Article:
UNE’s Chancellor Resigns
By Bridgette Glover John Watkins tendered his resignation on 20 June, after 14 months as Chancellor of the University of New England. Watkins was elected Chancellor at a UNE Council meeting on 18 April, 2013, after the early departure of Richard Torbay.
“I took on the position of Chancellor unexpectedly and during a difficult time for the University. Since that time, the University has gone through considerable change, but it is currently stable and flourishing under the leadership of the Vice-Chancellor, Professor Annabelle Duncan.
“The reason I resigned was because I was just incredibly busy. I took the role when Richard left suddenly, and I already had a range of duties on my plate then.”
Watkins is the CEO of Alzheimer’s Australia New South Wales, he Chairs a Catholic healthcare company as well as an overseas aid agency, and was recently appointed by the Premier to an expert panel that examines donation reform.
“But I wasn’t coping with the range of duties, and that’s why this has happened. I’m not pulling back from other things, and something had to give. I’m not as young as I used to be.”
Watkins believes that his departure will enable UNE to find someone with more time to devote to the challenges that lie ahead. Watkins resided in Sydney while he was Chancellor, and felt that his professional responsibilities were preventing him from doing his job.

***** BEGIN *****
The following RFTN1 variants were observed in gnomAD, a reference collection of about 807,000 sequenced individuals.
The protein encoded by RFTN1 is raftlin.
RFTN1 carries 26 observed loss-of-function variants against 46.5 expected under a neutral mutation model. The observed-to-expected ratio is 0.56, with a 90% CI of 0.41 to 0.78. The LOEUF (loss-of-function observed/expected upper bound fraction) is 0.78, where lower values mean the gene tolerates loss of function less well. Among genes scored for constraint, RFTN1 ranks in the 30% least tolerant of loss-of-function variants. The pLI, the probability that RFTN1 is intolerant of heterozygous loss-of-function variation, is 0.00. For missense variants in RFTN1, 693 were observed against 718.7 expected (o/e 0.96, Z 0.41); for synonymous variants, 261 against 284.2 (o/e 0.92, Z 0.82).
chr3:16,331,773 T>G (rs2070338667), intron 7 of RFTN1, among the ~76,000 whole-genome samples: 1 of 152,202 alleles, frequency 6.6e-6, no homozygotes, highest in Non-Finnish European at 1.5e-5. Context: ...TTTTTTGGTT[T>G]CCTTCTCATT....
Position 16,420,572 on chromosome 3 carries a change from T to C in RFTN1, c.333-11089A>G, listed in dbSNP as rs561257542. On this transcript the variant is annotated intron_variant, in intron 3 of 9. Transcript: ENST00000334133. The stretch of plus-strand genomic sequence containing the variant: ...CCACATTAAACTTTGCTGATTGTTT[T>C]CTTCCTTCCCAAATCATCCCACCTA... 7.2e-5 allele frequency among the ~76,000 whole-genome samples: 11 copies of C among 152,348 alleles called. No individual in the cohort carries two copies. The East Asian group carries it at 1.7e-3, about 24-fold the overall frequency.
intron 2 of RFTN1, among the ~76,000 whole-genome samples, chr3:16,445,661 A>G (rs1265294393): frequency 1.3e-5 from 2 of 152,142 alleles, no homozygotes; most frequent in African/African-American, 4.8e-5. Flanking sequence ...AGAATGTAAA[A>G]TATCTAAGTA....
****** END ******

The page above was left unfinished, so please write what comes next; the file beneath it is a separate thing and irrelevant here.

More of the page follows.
“The extensive travel required, the intensity of the role and its future needs have convinced me that the University needs a Chancellor who is fully available to fulfil the requirements in the long term”
The concern has been raised as to whether Watkins left at the right time in light of the Federal Budget. Watkins, however, stands by his statement that UNE is doing well.
“The university is in a strong position in financial terms and in morale, and I was faced with the decision of “do I go now, when the place is stable and Annabelle is doing a good job, or do I go through the process of help choosing the new Vice-Chancellor, establish a relationship with them, and then go?”
“But I made the judgement that it would be much better for the University to have the new Chancellor in place before the new Vice-Chancellor, rather than the other way around.”
Watkins was favoured among both the academics and the students.